There are plenty of ghost wineries in the Napa Valley wine region.
But don’t expect to get spooked by them.
These so called ‘ghost wineries’ may well harbor the ghosts of the men and women who labored in their vineyards and wineries over a century before Napa Valley became a famous wine region.
The actual reason that they are called ‘ghost wineries’ is much more mundane. It’s a term used to describe the old wine cellars and wineries that existed pre-Prohibition.
Turns out that hundreds of small wineries dotted the landscape between 1860 and 1900 in the years leading up to Prohibition. But by the time Prohibition was repealed in the 1930s, only around 40 wineries remained.
Truth be told, you can’t blame just the Prohibition for this massive decrease in productive wineries. The Prohibition might have made winemaking illegal, but even before that, the vines had been under threat from the destructive vine pest phylloxera. As a result, many vineyards were being ripped out even before Prohibition. And of course, there was also the economic chaos of the Great Depression. Combined, it was this triple threat that destroyed the then booming wine industry.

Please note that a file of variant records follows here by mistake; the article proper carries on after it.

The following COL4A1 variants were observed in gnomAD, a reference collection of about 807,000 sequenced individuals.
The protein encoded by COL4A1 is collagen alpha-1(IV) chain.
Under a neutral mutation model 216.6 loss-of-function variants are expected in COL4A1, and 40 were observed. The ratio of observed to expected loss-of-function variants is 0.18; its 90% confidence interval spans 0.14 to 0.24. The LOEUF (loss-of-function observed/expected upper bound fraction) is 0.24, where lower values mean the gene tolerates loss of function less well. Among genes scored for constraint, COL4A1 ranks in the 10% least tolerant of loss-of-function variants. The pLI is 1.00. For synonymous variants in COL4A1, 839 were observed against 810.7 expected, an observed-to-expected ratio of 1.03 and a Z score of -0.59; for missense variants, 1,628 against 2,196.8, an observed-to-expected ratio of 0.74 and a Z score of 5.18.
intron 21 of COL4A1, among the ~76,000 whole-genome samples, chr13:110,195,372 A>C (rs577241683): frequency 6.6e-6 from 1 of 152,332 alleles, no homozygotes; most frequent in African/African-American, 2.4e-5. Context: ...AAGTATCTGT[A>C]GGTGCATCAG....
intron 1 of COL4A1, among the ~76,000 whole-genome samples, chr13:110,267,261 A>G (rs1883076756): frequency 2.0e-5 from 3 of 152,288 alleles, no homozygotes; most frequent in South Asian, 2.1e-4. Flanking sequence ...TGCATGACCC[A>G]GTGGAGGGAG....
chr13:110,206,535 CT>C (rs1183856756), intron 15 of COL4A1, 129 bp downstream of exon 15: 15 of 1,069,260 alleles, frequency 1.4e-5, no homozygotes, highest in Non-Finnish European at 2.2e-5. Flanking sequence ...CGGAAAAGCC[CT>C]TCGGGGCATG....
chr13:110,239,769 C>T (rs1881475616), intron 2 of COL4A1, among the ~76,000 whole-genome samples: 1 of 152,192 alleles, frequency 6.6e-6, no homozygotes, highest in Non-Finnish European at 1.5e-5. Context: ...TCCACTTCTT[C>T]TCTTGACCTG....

Abandoned and left to ruins, many of these once productive wineries and cellars have become just relics of the region’s historic winemaking past.
Some, however, have been resurrected and given a second chance.
Take, for example, the Chateau Montelana Winery. Founded in 1882, it had been a major wine producer by the turn of the century, only to falter and fail thanks to this triple threat.
This ‘ghost winery’ was given a second chance in the late 1960s when purchased by James Burnett. By 1976, Chateau Monetelana had more than vindicated its revival, with the winery’s 1973 Chardonnary beating French whites at the famous Paris tasting of 1976.
There are many such ‘ghost wineries’ to be found around Napa Valley.
The trick is discovering where they are.
The treat is being able to visit them.
(photo @Liz Lewis 2008)